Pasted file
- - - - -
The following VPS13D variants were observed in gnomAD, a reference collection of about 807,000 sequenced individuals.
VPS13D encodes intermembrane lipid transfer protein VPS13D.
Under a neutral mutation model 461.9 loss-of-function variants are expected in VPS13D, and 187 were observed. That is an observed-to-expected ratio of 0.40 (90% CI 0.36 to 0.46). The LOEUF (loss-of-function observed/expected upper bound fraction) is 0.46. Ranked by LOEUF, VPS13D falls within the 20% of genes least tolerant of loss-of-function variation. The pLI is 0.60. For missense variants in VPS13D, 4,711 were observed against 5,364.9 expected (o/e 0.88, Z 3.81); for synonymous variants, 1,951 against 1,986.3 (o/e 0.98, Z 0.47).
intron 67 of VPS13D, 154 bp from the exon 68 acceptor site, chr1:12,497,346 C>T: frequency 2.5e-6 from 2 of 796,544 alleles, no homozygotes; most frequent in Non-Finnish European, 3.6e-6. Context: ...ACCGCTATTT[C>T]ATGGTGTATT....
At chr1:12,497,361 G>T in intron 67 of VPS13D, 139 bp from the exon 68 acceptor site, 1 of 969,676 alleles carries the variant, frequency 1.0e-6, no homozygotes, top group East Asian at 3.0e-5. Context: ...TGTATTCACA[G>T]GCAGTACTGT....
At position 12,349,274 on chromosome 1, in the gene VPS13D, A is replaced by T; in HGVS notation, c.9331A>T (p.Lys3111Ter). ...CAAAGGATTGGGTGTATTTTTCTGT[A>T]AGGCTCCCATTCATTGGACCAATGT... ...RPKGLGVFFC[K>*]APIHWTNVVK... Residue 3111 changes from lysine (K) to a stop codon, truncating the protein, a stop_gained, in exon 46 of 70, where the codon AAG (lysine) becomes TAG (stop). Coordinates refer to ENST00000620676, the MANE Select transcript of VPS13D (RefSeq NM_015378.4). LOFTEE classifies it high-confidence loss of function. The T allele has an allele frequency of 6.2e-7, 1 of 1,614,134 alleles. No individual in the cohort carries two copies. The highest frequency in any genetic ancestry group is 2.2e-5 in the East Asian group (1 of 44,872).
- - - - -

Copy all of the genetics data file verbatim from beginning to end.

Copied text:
The following VPS13D variants were observed in gnomAD, a reference collection of about 807,000 sequenced individuals.
VPS13D encodes intermembrane lipid transfer protein VPS13D.
Under a neutral mutation model 461.9 loss-of-function variants are expected in VPS13D, and 187 were observed. That is an observed-to-expected ratio of 0.40 (90% CI 0.36 to 0.46). The LOEUF (loss-of-function observed/expected upper bound fraction) is 0.46. Ranked by LOEUF, VPS13D falls within the 20% of genes least tolerant of loss-of-function variation. The pLI is 0.60. For missense variants in VPS13D, 4,711 were observed against 5,364.9 expected (o/e 0.88, Z 3.81); for synonymous variants, 1,951 against 1,986.3 (o/e 0.98, Z 0.47).
intron 67 of VPS13D, 154 bp from the exon 68 acceptor site, chr1:12,497,346 C>T: frequency 2.5e-6 from 2 of 796,544 alleles, no homozygotes; most frequent in Non-Finnish European, 3.6e-6. Context: ...ACCGCTATTT[C>T]ATGGTGTATT....
At chr1:12,497,361 G>T in intron 67 of VPS13D, 139 bp from the exon 68 acceptor site, 1 of 969,676 alleles carries the variant, frequency 1.0e-6, no homozygotes, top group East Asian at 3.0e-5. Context: ...TGTATTCACA[G>T]GCAGTACTGT....
At position 12,349,274 on chromosome 1, in the gene VPS13D, A is replaced by T; in HGVS notation, c.9331A>T (p.Lys3111Ter). ...CAAAGGATTGGGTGTATTTTTCTGT[A>T]AGGCTCCCATTCATTGGACCAATGT... ...RPKGLGVFFC[K>*]APIHWTNVVK... Residue 3111 changes from lysine (K) to a stop codon, truncating the protein, a stop_gained, in exon 46 of 70, where the codon AAG (lysine) becomes TAG (stop). Coordinates refer to ENST00000620676, the MANE Select transcript of VPS13D (RefSeq NM_015378.4). LOFTEE classifies it high-confidence loss of function. The T allele has an allele frequency of 6.2e-7, 1 of 1,614,134 alleles. No individual in the cohort carries two copies. The highest frequency in any genetic ancestry group is 2.2e-5 in the East Asian group (1 of 44,872).